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In the UK we say 'plus' for the + sign, and 'minus' for the - sign. I suspect it is the same in US schools. Pronounce mathematical symbols In US English, a 'straight A' student is one who has achieved an A grades in every subject taken. We can use 'straight', mainly informally. to mean 'following one after another without an interruption; consecutive'. ...


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In US English (and perhaps other types of English, I'm not sure), this is really an idiomatic expression. I think it must be short for something like: "[That was an excellent] way to ... [do some activity]!" It can be used either as sincere praise: "Way to use your athletic skills!" or sarcastically, as a real reprimand: "Way to make us all look ...


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Words like conformist are not usually used predicatively as adjectives, but as nouns. So She is a conformist is far more common than She is conformist. There is not a great deal of difference in meaning between She has always been a conformist and She is always conformist; but if she used to a rebel but has now changed her ways, then the second would be ...


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To say that something turns out to be the case, you can use 'prove' followed by either: an adjective, or an infinitive verb and an adjective or noun. The tools proved useful. The new employee proved to be a fool. The car proved to have a flat tyre. Of your sentences, only the first is grammatical. The second uses the wrong verb form after 'proved' (must be ...


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When we say there are details to fill in, we mean there are missing details that need to be added to our understanding of a situation. We have a general idea about something but there are still questions about some of its finer aspects. You can think of the questions as holes or gaps in our knowledge. When we answer these questions we are 'filling in the ...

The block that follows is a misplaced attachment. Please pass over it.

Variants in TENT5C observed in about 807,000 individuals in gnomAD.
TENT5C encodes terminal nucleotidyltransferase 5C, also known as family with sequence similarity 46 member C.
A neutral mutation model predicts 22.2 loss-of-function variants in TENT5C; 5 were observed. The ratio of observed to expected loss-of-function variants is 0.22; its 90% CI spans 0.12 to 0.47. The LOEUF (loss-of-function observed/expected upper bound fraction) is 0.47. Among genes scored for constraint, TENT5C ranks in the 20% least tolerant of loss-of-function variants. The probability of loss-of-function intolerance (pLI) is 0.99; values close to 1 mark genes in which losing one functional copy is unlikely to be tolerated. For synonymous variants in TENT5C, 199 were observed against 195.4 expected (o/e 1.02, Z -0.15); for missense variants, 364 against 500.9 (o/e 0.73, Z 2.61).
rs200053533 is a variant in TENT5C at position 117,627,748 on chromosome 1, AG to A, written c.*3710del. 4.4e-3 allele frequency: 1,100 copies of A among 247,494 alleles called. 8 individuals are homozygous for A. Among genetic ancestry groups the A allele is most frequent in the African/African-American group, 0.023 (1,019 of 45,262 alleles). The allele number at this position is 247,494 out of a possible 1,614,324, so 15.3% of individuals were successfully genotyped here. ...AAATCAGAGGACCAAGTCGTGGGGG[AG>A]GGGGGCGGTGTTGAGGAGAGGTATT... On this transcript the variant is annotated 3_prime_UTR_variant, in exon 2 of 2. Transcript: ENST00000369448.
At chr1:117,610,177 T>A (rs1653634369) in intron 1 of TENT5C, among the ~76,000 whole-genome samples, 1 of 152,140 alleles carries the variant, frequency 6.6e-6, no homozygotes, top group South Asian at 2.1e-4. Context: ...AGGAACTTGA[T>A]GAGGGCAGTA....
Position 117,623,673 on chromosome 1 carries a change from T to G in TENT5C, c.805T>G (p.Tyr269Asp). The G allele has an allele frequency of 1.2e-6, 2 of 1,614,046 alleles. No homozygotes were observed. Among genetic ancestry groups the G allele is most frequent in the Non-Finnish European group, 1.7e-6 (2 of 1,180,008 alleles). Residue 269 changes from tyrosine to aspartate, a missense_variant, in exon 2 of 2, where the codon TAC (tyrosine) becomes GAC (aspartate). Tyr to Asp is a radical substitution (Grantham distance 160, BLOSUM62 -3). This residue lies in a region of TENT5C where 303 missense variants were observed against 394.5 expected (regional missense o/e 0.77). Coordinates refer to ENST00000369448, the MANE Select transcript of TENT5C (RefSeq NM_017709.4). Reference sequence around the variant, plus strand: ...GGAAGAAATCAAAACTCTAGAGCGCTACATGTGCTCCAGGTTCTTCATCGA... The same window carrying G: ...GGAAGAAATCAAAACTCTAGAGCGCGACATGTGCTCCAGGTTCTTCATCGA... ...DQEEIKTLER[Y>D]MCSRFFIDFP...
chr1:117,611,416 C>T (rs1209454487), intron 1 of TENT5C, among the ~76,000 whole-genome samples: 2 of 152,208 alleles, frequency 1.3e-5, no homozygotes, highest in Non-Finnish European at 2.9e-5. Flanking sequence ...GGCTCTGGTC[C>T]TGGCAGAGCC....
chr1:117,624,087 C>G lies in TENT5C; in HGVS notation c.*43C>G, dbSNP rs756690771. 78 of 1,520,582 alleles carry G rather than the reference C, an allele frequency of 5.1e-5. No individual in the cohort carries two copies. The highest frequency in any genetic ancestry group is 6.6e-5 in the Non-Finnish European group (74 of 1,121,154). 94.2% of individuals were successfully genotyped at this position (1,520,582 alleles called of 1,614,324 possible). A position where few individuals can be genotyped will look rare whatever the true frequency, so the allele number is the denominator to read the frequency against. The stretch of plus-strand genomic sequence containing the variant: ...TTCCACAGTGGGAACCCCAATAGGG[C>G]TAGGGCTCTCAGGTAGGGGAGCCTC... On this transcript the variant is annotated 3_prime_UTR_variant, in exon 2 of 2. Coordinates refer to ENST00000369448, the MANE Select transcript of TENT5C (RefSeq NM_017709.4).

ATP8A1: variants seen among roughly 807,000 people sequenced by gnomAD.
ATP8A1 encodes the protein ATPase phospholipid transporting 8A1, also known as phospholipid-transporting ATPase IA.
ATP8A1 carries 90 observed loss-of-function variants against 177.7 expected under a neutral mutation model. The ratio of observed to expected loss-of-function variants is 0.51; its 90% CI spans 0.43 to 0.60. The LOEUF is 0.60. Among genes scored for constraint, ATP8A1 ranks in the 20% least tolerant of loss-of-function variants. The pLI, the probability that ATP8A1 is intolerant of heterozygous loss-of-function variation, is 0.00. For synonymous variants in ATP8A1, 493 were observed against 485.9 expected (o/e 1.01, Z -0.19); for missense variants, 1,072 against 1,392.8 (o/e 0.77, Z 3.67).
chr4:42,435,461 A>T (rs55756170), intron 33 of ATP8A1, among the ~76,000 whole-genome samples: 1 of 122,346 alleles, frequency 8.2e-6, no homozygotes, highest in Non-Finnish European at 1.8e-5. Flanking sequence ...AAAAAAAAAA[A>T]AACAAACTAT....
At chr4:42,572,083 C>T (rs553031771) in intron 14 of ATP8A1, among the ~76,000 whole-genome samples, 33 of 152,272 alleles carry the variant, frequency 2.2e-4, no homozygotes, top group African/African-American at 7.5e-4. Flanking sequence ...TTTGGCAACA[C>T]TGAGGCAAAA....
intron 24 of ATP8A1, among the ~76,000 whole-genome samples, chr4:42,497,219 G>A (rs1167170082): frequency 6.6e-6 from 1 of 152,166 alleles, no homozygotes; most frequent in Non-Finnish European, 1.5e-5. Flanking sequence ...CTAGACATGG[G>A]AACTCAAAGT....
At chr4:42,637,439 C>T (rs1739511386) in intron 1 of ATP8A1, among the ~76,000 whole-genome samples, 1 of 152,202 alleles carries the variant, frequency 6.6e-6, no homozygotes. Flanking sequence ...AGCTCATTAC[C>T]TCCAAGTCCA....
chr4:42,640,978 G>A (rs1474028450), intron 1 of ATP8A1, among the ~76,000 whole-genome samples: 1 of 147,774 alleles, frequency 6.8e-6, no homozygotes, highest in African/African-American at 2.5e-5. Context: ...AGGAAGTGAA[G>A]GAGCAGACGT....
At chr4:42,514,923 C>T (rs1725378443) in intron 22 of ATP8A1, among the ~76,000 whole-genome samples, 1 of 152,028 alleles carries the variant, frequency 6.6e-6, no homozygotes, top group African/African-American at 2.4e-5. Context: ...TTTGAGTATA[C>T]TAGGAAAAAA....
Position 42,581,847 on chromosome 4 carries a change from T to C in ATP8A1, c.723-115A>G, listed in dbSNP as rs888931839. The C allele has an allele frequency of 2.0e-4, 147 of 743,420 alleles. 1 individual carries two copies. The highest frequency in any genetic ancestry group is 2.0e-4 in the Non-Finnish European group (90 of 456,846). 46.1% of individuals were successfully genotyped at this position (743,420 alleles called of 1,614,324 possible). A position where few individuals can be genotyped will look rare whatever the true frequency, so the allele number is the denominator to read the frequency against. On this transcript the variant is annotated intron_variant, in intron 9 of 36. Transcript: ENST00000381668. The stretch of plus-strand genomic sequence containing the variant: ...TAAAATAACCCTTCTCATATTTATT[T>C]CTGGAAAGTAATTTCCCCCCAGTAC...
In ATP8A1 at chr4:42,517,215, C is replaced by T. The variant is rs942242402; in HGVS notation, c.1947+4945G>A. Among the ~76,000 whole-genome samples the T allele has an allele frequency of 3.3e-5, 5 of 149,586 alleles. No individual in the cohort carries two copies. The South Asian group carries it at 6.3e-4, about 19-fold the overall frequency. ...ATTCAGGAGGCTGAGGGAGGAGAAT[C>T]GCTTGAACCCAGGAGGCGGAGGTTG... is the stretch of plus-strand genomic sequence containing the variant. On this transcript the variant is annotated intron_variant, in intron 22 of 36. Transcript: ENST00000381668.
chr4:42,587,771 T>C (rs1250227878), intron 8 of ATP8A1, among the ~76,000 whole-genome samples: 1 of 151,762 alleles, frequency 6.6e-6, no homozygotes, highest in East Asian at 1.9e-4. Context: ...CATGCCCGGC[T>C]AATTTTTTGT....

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It is business jargon. An employee who "delivers" means that the employee makes the company more successful. The company has set various goals for its employees. If the employee is delivering "against the goals" I would understand this to mean that they are being successful measured using the goals. You use "against" when using something to measure with. ...


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Lemonade is being used as a non-count or mass noun, because the enquiry was about the nature or composition of the drink. What is the black stuff in that pile on the ground? It is coal. What is that white powder on your hands (e.g. to a baker)? It is flour. What are honey gushers? It [a honey gusher] is lemonade. Mass noun


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The boys went into the room. = The boys entered the room. Generally, we would not say go inside the room unless, for example, the room was hidden behind a secret panel. Or, if you want to refer to inside and outside the room. They stayed inside the room upstairs while the robbers stole the money downstairs. The inside of the room or house was dark. Rooms ...


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"Inside" places more emphasis on the fact that the boys are now inside of something, and also places more direct emphasis on the room as a physical place, as oppose to it being considered more conceptually. It naturally includes awareness of its opposite, "outside". It would therefore be a bit odd to use "went inside the room" if they had only come from ...


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In this case, we are not dealing with a grammatical question, but a semantic one. All verbs mentioned here would fit well grammatically speaking, however, as we saw on Collins definition: to cause normally implies something bad. Therefore, other verbs would fit better there, such as: Persuade, lead, encourage, induce..


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"Experimental physicists don’t like theoretical physicists, because [...] they don’t really work at all." The joke is that theoretical physicists don't do any work. Usually the weekend is {Sat, Sun}. If you had a meeting on Saturday, you would spoil one weekend. But for theoretical physicists the weekend is {wed, thu, fri, sat, sun, mon, tue, wed}. So a ...


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You should understand that quite a large percentage of the American public cannot write well. Writing well is far more difficult than conversing well because, in conversation, tone of voice, emphasis, hand gestures, and opportunities for questions facilitate mutual understanding. Obviously, the sentence as written is nonsense: a complaining customer is ...